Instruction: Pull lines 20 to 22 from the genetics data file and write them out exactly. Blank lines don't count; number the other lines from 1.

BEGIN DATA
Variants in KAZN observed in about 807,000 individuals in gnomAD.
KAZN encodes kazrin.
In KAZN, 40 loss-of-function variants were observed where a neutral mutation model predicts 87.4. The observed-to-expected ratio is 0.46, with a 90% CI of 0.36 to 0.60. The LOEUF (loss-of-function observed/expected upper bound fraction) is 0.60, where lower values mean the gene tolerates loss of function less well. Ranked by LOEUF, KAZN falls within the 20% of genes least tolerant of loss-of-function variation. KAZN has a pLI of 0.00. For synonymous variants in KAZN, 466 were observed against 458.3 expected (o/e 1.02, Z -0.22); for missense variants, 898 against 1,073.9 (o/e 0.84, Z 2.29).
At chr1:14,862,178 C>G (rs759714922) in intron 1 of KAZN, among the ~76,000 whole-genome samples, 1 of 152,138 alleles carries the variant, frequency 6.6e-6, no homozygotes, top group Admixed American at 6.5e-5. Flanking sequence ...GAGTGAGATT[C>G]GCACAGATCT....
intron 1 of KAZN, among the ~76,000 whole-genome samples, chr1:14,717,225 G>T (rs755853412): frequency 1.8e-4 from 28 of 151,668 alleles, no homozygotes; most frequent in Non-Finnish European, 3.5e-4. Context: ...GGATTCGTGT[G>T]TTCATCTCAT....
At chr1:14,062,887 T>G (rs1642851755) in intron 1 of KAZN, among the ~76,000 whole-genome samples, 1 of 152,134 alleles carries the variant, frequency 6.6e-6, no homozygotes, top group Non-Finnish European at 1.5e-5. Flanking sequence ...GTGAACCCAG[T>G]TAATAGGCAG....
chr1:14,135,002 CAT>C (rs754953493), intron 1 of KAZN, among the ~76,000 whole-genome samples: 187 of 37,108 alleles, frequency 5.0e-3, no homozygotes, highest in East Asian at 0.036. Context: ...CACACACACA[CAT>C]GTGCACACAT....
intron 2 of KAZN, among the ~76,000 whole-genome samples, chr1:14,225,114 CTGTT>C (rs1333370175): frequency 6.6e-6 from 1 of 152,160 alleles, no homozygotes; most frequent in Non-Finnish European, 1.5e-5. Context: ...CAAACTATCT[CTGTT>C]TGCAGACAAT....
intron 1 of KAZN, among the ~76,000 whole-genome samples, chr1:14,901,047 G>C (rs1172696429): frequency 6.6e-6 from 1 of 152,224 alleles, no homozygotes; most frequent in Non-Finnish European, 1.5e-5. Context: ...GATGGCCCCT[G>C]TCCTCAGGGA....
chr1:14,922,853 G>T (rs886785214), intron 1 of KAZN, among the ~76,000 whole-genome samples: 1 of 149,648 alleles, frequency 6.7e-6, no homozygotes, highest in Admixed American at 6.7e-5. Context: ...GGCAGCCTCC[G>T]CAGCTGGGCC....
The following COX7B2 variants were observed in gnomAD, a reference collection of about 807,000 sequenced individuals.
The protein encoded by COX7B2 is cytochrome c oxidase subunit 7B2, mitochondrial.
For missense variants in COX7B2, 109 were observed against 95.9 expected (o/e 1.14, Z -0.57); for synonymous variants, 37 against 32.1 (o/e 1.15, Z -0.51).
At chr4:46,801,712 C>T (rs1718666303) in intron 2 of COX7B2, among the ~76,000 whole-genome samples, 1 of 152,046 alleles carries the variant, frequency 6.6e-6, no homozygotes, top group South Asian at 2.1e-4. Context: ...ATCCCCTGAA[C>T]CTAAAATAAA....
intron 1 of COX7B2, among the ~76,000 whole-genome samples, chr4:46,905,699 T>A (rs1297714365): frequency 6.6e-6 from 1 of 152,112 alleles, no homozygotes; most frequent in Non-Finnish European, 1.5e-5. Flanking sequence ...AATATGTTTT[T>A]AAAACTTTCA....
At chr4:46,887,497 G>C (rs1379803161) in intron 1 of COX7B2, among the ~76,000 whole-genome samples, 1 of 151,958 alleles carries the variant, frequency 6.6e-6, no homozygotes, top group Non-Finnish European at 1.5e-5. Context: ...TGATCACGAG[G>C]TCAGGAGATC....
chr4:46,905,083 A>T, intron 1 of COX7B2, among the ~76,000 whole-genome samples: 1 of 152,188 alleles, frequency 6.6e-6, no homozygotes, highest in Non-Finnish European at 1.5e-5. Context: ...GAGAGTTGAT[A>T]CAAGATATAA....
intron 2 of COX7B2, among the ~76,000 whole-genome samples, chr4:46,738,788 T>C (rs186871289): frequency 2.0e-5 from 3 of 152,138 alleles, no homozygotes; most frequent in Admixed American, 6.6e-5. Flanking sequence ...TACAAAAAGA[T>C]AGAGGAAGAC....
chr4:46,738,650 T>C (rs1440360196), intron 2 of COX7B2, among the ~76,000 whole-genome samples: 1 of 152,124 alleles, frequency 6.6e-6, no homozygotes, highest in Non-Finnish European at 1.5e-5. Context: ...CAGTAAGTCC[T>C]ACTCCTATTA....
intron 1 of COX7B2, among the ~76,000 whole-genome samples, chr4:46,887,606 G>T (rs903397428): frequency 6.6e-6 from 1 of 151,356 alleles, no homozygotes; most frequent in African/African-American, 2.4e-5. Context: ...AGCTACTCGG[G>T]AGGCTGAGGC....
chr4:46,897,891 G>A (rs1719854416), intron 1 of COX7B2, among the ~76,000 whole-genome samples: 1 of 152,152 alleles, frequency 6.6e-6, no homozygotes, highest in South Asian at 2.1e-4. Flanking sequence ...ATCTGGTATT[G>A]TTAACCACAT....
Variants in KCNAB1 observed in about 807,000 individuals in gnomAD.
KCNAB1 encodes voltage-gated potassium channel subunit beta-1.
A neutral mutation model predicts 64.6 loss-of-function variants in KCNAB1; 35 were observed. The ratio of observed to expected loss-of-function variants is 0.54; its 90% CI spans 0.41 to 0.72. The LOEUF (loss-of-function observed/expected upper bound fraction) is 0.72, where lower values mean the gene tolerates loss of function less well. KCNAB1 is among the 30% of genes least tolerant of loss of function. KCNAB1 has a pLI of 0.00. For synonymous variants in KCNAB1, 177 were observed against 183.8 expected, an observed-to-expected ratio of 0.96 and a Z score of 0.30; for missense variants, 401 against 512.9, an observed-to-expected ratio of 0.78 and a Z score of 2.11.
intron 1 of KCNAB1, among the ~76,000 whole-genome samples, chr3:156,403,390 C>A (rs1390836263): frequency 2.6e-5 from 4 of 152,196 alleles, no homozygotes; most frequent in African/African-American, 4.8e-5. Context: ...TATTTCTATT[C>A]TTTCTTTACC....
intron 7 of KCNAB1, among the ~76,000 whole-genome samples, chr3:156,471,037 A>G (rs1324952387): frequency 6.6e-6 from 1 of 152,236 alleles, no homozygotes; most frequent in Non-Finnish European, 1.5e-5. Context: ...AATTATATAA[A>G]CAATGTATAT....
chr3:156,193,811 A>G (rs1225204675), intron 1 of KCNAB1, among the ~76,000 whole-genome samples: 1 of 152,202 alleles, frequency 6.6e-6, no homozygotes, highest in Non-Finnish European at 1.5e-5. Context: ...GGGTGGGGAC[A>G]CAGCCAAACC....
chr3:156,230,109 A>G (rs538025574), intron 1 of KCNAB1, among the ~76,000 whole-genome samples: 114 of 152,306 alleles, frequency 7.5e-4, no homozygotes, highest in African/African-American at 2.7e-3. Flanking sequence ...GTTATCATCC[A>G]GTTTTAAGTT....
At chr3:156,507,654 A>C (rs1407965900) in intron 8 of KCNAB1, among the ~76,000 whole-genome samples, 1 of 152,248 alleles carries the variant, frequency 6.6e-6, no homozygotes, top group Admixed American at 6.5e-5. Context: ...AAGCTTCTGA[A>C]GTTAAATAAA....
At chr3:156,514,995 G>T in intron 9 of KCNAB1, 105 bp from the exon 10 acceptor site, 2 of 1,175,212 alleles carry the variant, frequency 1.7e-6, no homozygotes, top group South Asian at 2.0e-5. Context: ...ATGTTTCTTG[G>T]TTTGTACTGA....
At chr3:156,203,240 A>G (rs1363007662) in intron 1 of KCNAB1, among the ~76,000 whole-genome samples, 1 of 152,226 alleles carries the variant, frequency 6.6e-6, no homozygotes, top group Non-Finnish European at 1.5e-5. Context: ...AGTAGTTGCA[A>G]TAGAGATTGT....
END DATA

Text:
intron 1 of COX7B2, among the ~76,000 whole-genome samples, chr4:46,887,606 G>T (rs903397428): frequency 6.6e-6 from 1 of 151,356 alleles, no homozygotes; most frequent in African/African-American, 2.4e-5. Context: ...AGCTACTCGG[G>T]AGGCTGAGGC....
chr4:46,897,891 G>A (rs1719854416), intron 1 of COX7B2, among the ~76,000 whole-genome samples: 1 of 152,152 alleles, frequency 6.6e-6, no homozygotes, highest in South Asian at 2.1e-4. Flanking sequence ...ATCTGGTATT[G>A]TTAACCACAT....
Variants in KCNAB1 observed in about 807,000 individuals in gnomAD.